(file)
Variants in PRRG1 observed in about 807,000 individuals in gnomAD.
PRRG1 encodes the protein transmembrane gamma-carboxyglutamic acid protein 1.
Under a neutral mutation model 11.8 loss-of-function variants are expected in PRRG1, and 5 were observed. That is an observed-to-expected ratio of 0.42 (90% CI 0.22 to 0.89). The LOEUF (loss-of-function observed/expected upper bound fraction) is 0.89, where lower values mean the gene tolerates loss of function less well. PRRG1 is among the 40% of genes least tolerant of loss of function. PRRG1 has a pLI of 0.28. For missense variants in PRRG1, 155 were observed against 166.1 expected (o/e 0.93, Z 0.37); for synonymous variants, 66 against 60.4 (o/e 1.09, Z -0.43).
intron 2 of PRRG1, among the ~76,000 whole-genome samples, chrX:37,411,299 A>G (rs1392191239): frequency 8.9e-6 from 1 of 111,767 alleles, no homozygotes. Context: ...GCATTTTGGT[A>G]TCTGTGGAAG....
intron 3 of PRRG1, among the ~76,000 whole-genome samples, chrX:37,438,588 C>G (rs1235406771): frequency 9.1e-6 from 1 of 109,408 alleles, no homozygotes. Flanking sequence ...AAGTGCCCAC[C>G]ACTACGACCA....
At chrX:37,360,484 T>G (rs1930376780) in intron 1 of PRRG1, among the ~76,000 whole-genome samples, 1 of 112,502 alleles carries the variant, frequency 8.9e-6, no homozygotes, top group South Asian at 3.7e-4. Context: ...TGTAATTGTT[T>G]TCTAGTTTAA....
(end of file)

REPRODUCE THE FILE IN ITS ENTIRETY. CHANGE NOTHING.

Variants in PRRG1 observed in about 807,000 individuals in gnomAD.
PRRG1 encodes the protein transmembrane gamma-carboxyglutamic acid protein 1.
Under a neutral mutation model 11.8 loss-of-function variants are expected in PRRG1, and 5 were observed. That is an observed-to-expected ratio of 0.42 (90% CI 0.22 to 0.89). The LOEUF (loss-of-function observed/expected upper bound fraction) is 0.89, where lower values mean the gene tolerates loss of function less well. PRRG1 is among the 40% of genes least tolerant of loss of function. PRRG1 has a pLI of 0.28. For missense variants in PRRG1, 155 were observed against 166.1 expected (o/e 0.93, Z 0.37); for synonymous variants, 66 against 60.4 (o/e 1.09, Z -0.43).
intron 2 of PRRG1, among the ~76,000 whole-genome samples, chrX:37,411,299 A>G (rs1392191239): frequency 8.9e-6 from 1 of 111,767 alleles, no homozygotes. Context: ...GCATTTTGGT[A>G]TCTGTGGAAG....
intron 3 of PRRG1, among the ~76,000 whole-genome samples, chrX:37,438,588 C>G (rs1235406771): frequency 9.1e-6 from 1 of 109,408 alleles, no homozygotes. Flanking sequence ...AAGTGCCCAC[C>G]ACTACGACCA....
At chrX:37,360,484 T>G (rs1930376780) in intron 1 of PRRG1, among the ~76,000 whole-genome samples, 1 of 112,502 alleles carries the variant, frequency 8.9e-6, no homozygotes, top group South Asian at 3.7e-4. Context: ...TGTAATTGTT[T>G]TCTAGTTTAA....